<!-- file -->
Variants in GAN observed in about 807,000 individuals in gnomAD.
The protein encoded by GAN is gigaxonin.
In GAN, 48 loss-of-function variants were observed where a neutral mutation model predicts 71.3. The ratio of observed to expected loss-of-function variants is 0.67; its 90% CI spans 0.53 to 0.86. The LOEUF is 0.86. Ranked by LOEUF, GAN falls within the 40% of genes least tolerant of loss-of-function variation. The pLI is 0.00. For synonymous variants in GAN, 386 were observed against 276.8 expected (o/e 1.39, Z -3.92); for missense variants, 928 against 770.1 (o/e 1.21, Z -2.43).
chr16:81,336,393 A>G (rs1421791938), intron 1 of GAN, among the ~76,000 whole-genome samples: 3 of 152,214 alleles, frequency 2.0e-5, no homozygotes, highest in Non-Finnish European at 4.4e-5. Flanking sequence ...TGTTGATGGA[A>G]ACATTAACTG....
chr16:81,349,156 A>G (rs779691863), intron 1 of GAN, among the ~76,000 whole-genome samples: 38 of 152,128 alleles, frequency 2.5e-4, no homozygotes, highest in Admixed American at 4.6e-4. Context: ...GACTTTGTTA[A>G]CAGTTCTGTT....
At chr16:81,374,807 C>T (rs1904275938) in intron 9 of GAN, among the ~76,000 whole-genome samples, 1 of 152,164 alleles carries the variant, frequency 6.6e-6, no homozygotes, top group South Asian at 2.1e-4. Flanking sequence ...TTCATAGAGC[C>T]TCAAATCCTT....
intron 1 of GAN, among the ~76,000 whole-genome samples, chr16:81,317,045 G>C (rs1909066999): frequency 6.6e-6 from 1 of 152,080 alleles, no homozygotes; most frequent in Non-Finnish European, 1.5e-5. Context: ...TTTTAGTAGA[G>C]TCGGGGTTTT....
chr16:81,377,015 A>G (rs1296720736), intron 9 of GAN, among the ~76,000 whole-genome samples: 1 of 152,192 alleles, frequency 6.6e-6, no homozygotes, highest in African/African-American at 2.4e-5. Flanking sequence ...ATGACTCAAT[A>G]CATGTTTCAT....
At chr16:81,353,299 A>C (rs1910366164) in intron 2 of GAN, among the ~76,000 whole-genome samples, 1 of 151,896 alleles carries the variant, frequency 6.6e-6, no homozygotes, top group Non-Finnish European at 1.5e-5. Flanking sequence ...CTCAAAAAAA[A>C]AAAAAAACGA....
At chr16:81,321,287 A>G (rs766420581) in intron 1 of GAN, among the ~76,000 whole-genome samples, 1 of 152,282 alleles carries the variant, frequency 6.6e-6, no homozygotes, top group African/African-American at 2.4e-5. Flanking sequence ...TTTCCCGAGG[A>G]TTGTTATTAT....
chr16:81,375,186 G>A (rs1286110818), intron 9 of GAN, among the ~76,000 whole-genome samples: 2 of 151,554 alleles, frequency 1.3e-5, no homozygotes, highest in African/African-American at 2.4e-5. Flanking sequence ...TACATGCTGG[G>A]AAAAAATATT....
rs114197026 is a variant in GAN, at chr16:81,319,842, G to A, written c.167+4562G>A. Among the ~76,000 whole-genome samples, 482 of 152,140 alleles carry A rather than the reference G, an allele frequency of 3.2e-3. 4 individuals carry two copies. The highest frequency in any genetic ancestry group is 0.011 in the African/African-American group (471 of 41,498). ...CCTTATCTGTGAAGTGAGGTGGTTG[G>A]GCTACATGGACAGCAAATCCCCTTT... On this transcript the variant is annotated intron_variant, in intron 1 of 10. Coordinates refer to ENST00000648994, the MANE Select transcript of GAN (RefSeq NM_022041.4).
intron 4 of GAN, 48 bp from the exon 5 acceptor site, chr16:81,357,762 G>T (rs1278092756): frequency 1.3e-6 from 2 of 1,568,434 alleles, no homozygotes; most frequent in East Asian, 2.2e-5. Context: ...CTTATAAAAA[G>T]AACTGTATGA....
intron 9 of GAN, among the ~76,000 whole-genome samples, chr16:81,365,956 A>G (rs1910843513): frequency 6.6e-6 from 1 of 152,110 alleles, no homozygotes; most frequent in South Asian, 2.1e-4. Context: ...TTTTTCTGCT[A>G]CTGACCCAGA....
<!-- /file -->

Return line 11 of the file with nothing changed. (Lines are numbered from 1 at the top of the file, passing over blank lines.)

chr16:81,375,186 G>A (rs1286110818), intron 9 of GAN, among the ~76,000 whole-genome samples: 2 of 151,554 alleles, frequency 1.3e-5, no homozygotes, highest in African/African-American at 2.4e-5. Flanking sequence ...TACATGCTGG[G>A]AAAAAATATT....